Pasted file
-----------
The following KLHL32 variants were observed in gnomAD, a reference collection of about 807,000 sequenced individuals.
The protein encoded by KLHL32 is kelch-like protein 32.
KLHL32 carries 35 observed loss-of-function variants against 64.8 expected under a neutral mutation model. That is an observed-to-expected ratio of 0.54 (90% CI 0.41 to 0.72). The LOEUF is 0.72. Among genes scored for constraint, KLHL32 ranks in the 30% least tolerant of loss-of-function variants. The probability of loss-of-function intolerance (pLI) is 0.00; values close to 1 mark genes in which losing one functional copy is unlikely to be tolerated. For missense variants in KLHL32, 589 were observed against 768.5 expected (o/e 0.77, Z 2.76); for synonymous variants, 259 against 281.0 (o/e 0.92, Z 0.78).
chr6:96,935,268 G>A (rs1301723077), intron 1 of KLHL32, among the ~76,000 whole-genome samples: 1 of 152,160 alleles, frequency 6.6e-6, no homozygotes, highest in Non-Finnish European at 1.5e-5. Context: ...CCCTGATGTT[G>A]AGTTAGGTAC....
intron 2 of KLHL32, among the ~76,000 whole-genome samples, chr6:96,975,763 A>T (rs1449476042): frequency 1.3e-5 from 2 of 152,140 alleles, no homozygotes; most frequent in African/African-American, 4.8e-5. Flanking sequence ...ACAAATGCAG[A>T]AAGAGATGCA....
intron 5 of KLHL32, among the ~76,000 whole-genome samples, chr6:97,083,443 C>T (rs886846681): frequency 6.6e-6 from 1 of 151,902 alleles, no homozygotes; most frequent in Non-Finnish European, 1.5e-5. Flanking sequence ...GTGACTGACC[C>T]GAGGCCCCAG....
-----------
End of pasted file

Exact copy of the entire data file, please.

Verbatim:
The following KLHL32 variants were observed in gnomAD, a reference collection of about 807,000 sequenced individuals.
The protein encoded by KLHL32 is kelch-like protein 32.
KLHL32 carries 35 observed loss-of-function variants against 64.8 expected under a neutral mutation model. That is an observed-to-expected ratio of 0.54 (90% CI 0.41 to 0.72). The LOEUF is 0.72. Among genes scored for constraint, KLHL32 ranks in the 30% least tolerant of loss-of-function variants. The probability of loss-of-function intolerance (pLI) is 0.00; values close to 1 mark genes in which losing one functional copy is unlikely to be tolerated. For missense variants in KLHL32, 589 were observed against 768.5 expected (o/e 0.77, Z 2.76); for synonymous variants, 259 against 281.0 (o/e 0.92, Z 0.78).
chr6:96,935,268 G>A (rs1301723077), intron 1 of KLHL32, among the ~76,000 whole-genome samples: 1 of 152,160 alleles, frequency 6.6e-6, no homozygotes, highest in Non-Finnish European at 1.5e-5. Context: ...CCCTGATGTT[G>A]AGTTAGGTAC....
intron 2 of KLHL32, among the ~76,000 whole-genome samples, chr6:96,975,763 A>T (rs1449476042): frequency 1.3e-5 from 2 of 152,140 alleles, no homozygotes; most frequent in African/African-American, 4.8e-5. Flanking sequence ...ACAAATGCAG[A>T]AAGAGATGCA....
intron 5 of KLHL32, among the ~76,000 whole-genome samples, chr6:97,083,443 C>T (rs886846681): frequency 6.6e-6 from 1 of 151,902 alleles, no homozygotes; most frequent in Non-Finnish European, 1.5e-5. Flanking sequence ...GTGACTGACC[C>T]GAGGCCCCAG....